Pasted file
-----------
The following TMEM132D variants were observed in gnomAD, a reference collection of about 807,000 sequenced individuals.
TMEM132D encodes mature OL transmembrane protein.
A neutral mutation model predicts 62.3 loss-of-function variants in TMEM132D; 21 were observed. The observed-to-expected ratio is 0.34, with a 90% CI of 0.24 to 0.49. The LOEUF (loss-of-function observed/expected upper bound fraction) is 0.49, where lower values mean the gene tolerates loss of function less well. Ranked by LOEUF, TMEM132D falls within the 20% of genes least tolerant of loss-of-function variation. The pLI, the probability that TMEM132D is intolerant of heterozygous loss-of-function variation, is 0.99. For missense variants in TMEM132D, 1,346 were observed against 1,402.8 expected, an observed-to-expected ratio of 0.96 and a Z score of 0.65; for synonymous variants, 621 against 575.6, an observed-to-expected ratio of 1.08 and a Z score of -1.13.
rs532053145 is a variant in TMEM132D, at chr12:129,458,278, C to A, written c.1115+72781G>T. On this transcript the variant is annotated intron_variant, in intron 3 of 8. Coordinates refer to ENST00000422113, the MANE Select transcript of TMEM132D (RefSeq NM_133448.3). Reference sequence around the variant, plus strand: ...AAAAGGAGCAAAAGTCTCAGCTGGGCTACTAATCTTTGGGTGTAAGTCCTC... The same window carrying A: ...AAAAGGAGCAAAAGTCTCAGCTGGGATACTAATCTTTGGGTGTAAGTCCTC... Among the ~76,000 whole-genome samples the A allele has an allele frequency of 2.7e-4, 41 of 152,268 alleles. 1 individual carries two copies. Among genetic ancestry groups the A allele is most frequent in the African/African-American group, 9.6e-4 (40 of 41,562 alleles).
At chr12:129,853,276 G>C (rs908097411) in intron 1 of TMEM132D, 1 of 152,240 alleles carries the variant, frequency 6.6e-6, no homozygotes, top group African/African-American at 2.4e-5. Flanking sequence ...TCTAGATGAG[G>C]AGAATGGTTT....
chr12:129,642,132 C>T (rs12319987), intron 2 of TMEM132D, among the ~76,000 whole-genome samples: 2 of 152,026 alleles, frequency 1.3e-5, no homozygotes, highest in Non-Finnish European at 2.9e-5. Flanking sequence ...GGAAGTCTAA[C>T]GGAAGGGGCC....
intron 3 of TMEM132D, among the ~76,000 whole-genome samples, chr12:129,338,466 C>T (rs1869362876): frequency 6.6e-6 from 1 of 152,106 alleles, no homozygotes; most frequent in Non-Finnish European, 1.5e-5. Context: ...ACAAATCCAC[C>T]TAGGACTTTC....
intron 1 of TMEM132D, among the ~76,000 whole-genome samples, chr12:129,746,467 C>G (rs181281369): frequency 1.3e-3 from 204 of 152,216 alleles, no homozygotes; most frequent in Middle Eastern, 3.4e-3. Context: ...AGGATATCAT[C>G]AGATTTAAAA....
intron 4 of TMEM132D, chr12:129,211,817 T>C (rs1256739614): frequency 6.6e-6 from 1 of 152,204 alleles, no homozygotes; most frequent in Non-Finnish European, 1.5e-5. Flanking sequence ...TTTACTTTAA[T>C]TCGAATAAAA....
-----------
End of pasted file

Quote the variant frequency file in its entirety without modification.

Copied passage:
The following TMEM132D variants were observed in gnomAD, a reference collection of about 807,000 sequenced individuals.
TMEM132D encodes mature OL transmembrane protein.
A neutral mutation model predicts 62.3 loss-of-function variants in TMEM132D; 21 were observed. The observed-to-expected ratio is 0.34, with a 90% CI of 0.24 to 0.49. The LOEUF (loss-of-function observed/expected upper bound fraction) is 0.49, where lower values mean the gene tolerates loss of function less well. Ranked by LOEUF, TMEM132D falls within the 20% of genes least tolerant of loss-of-function variation. The pLI, the probability that TMEM132D is intolerant of heterozygous loss-of-function variation, is 0.99. For missense variants in TMEM132D, 1,346 were observed against 1,402.8 expected, an observed-to-expected ratio of 0.96 and a Z score of 0.65; for synonymous variants, 621 against 575.6, an observed-to-expected ratio of 1.08 and a Z score of -1.13.
rs532053145 is a variant in TMEM132D, at chr12:129,458,278, C to A, written c.1115+72781G>T. On this transcript the variant is annotated intron_variant, in intron 3 of 8. Coordinates refer to ENST00000422113, the MANE Select transcript of TMEM132D (RefSeq NM_133448.3). Reference sequence around the variant, plus strand: ...AAAAGGAGCAAAAGTCTCAGCTGGGCTACTAATCTTTGGGTGTAAGTCCTC... The same window carrying A: ...AAAAGGAGCAAAAGTCTCAGCTGGGATACTAATCTTTGGGTGTAAGTCCTC... Among the ~76,000 whole-genome samples the A allele has an allele frequency of 2.7e-4, 41 of 152,268 alleles. 1 individual carries two copies. Among genetic ancestry groups the A allele is most frequent in the African/African-American group, 9.6e-4 (40 of 41,562 alleles).
At chr12:129,853,276 G>C (rs908097411) in intron 1 of TMEM132D, 1 of 152,240 alleles carries the variant, frequency 6.6e-6, no homozygotes, top group African/African-American at 2.4e-5. Flanking sequence ...TCTAGATGAG[G>C]AGAATGGTTT....
chr12:129,642,132 C>T (rs12319987), intron 2 of TMEM132D, among the ~76,000 whole-genome samples: 2 of 152,026 alleles, frequency 1.3e-5, no homozygotes, highest in Non-Finnish European at 2.9e-5. Flanking sequence ...GGAAGTCTAA[C>T]GGAAGGGGCC....
intron 3 of TMEM132D, among the ~76,000 whole-genome samples, chr12:129,338,466 C>T (rs1869362876): frequency 6.6e-6 from 1 of 152,106 alleles, no homozygotes; most frequent in Non-Finnish European, 1.5e-5. Context: ...ACAAATCCAC[C>T]TAGGACTTTC....
intron 1 of TMEM132D, among the ~76,000 whole-genome samples, chr12:129,746,467 C>G (rs181281369): frequency 1.3e-3 from 204 of 152,216 alleles, no homozygotes; most frequent in Middle Eastern, 3.4e-3. Context: ...AGGATATCAT[C>G]AGATTTAAAA....
intron 4 of TMEM132D, chr12:129,211,817 T>C (rs1256739614): frequency 6.6e-6 from 1 of 152,204 alleles, no homozygotes; most frequent in Non-Finnish European, 1.5e-5. Flanking sequence ...TTTACTTTAA[T>C]TCGAATAAAA....